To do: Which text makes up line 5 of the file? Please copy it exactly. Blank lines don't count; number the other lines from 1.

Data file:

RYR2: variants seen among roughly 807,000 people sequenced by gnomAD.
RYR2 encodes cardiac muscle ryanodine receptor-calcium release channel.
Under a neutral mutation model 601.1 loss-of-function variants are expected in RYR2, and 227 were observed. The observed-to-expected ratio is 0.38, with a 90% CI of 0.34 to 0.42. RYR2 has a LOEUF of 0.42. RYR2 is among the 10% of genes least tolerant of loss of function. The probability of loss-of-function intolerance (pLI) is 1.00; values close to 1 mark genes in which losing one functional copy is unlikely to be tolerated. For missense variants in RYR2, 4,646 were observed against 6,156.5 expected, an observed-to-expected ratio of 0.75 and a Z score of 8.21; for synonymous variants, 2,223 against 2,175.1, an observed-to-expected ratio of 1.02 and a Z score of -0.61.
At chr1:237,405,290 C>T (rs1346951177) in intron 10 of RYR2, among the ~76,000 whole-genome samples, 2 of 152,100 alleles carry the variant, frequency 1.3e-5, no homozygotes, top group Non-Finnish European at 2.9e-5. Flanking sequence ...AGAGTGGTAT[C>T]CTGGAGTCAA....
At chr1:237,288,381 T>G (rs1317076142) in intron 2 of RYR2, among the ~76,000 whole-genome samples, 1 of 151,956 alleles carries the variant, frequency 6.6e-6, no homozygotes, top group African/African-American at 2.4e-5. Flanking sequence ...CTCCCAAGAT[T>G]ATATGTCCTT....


At chr1:237,288,381 T>G (rs1317076142) in intron 2 of RYR2, among the ~76,000 whole-genome samples, 1 of 151,956 alleles carries the variant, frequency 6.6e-6, no homozygotes, top group African/African-American at 2.4e-5. Flanking sequence ...CTCCCAAGAT[T>G]ATATGTCCTT....